The thing that distinguishes horizontally scalable systems from the previous evolution stages is that each server role in our data center can be scaled by adding more servers. That can usually be implemented in stages of partially horizontal scalability, where some services scale horizontally and others do not. As I mentioned before, achieving true horizontal scalability is usually difficult and expensive. Therefore, systems should start by scaling horizontally in areas where it is the easiest to achieve, like web servers and caches, and then tackle the more difficult areas, like databases or other persistence stores.
At this stage of evolution, some applications would also use a round-robin DNS service to distribute traffic among web servers. Round-robin DNS is not the only way to distribute traffic among multiple web servers; we will consider different alternatives in detail in Chapter 3.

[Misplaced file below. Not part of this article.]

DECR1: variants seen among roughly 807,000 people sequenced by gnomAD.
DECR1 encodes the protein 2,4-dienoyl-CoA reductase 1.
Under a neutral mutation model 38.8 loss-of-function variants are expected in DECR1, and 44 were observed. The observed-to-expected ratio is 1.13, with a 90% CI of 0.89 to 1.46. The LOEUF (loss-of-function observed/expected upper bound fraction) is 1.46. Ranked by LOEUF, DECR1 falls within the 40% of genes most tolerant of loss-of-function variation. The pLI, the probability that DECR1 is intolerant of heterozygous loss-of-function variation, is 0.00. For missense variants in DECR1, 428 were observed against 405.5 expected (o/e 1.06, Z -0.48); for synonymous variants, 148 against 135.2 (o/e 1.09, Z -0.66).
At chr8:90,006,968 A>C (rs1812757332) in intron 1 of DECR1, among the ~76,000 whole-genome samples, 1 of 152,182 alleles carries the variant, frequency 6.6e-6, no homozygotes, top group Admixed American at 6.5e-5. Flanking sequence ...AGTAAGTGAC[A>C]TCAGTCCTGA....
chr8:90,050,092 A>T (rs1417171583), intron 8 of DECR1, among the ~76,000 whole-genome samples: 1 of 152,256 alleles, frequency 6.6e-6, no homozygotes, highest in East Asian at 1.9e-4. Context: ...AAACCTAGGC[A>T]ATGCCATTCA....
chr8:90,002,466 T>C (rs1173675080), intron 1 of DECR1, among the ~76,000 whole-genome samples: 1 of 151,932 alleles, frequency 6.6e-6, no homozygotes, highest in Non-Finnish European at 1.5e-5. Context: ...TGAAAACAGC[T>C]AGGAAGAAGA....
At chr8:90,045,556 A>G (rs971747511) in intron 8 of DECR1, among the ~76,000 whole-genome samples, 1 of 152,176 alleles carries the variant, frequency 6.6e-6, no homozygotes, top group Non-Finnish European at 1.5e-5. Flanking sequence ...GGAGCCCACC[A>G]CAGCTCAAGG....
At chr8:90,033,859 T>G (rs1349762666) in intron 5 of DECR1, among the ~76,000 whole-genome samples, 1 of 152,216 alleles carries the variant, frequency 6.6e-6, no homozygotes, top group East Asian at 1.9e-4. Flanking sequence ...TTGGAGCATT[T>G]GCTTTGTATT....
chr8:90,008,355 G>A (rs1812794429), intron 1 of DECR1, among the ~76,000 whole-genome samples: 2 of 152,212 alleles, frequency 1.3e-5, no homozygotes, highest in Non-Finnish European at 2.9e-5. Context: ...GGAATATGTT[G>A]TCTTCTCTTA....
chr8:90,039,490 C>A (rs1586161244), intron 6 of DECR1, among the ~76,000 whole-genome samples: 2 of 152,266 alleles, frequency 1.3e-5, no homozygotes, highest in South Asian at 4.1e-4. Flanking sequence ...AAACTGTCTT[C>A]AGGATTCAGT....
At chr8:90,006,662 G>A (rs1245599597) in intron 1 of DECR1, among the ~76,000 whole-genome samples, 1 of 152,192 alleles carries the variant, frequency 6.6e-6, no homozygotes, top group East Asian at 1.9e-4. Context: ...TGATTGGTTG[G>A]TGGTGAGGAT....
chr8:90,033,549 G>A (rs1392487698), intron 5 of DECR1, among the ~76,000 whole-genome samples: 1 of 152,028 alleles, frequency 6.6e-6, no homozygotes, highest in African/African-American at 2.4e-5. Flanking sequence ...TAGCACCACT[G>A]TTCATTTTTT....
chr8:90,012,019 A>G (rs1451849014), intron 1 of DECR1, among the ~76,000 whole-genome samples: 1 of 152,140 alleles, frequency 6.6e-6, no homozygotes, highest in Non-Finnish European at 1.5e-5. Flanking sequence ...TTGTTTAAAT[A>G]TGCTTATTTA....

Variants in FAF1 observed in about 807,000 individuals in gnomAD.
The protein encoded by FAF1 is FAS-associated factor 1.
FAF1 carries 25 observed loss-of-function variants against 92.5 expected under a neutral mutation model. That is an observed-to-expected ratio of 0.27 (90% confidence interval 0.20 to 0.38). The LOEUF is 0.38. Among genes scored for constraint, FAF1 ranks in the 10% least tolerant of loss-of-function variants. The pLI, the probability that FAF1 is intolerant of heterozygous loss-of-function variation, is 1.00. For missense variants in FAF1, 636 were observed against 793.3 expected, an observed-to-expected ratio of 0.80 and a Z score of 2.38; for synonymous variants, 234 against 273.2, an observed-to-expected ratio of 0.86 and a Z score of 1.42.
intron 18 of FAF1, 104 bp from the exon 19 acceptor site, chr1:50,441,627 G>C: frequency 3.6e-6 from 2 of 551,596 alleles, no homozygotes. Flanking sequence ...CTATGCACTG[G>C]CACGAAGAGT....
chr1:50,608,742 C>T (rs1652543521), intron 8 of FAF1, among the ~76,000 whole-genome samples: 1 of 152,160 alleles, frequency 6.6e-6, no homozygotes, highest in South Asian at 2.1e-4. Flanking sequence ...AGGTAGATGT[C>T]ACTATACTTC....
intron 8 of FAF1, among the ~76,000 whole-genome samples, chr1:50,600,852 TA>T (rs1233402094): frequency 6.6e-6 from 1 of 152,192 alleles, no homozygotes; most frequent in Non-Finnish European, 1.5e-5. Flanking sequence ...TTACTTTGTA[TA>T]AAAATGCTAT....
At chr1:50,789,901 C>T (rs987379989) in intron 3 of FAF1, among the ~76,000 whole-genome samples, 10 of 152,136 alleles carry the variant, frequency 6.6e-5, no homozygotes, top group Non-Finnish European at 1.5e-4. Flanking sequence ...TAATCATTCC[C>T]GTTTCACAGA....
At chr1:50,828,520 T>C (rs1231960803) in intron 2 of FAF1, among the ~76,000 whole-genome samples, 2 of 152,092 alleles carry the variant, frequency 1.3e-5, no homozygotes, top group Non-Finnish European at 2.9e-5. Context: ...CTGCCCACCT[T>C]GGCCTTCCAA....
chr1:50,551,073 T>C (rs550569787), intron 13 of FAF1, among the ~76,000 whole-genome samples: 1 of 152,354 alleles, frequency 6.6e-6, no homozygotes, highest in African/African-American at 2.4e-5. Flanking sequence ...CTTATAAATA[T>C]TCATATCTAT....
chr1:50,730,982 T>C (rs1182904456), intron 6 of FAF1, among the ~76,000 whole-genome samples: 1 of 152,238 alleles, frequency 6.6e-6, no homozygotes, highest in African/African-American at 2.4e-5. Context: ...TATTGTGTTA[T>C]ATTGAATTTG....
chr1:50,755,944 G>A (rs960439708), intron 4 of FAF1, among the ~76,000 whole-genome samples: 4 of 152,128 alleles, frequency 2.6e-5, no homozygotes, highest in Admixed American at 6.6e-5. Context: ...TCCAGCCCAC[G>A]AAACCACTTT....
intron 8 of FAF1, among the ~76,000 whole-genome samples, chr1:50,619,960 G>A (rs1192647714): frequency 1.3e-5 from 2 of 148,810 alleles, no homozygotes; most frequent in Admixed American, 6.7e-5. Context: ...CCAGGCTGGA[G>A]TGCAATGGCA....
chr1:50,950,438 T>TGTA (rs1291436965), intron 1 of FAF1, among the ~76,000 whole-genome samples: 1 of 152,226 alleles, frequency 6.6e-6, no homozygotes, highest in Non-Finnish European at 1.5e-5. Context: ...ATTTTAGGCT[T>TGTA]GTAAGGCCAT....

Round-robin DNS is a DNS server feature allowing you to resolve a single domain name to one of many IP addresses. The regular DNS server takes a domain name, like ejsmont.org, and resolves it to a single IP address, like 126.96.36.199. Thus, round-robin DNS allows you to map the domain name to multiple IP addresses, each IP pointing to a different machine. Then, each time a client asks for the name resolution, DNS responds with one of the IP addresses. The goal is to direct traffic from each client to one of the web servers—different clients may be connected to different servers without realizing it. Once a client receives an IP address, it will only communicate with the selected server.
The largest of websites reach the final evolution stage, which is scalability for a global audience. Once you serve millions of users spread across the globe, you will require more than a single data center. A single data center can host plenty of servers, but it causes clients located on other continents to receive a degraded user experience. Having more than one data center will also allow you to plan for rare outage events (for example, caused by a storm, flood, or fire).